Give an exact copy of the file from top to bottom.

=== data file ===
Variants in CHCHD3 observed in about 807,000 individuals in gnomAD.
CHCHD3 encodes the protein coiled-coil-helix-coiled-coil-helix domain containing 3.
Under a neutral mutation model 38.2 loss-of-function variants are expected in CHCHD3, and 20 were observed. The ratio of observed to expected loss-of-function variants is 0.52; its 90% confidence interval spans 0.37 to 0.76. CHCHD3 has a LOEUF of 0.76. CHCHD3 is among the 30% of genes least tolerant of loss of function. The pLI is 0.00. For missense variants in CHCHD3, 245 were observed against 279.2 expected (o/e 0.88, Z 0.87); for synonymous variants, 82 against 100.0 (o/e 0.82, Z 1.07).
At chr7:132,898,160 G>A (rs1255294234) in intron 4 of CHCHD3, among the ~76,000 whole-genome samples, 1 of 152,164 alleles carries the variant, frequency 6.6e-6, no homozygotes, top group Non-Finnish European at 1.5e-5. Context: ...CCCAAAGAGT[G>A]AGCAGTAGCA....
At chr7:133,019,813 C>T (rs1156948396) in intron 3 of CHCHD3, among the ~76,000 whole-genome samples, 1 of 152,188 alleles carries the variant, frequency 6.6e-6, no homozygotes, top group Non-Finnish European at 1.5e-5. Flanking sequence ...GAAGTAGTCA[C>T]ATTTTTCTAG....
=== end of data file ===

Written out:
Variants in CHCHD3 observed in about 807,000 individuals in gnomAD.
CHCHD3 encodes the protein coiled-coil-helix-coiled-coil-helix domain containing 3.
Under a neutral mutation model 38.2 loss-of-function variants are expected in CHCHD3, and 20 were observed. The ratio of observed to expected loss-of-function variants is 0.52; its 90% confidence interval spans 0.37 to 0.76. CHCHD3 has a LOEUF of 0.76. CHCHD3 is among the 30% of genes least tolerant of loss of function. The pLI is 0.00. For missense variants in CHCHD3, 245 were observed against 279.2 expected (o/e 0.88, Z 0.87); for synonymous variants, 82 against 100.0 (o/e 0.82, Z 1.07).
At chr7:132,898,160 G>A (rs1255294234) in intron 4 of CHCHD3, among the ~76,000 whole-genome samples, 1 of 152,164 alleles carries the variant, frequency 6.6e-6, no homozygotes, top group Non-Finnish European at 1.5e-5. Context: ...CCCAAAGAGT[G>A]AGCAGTAGCA....
At chr7:133,019,813 C>T (rs1156948396) in intron 3 of CHCHD3, among the ~76,000 whole-genome samples, 1 of 152,188 alleles carries the variant, frequency 6.6e-6, no homozygotes, top group Non-Finnish European at 1.5e-5. Flanking sequence ...GAAGTAGTCA[C>T]ATTTTTCTAG....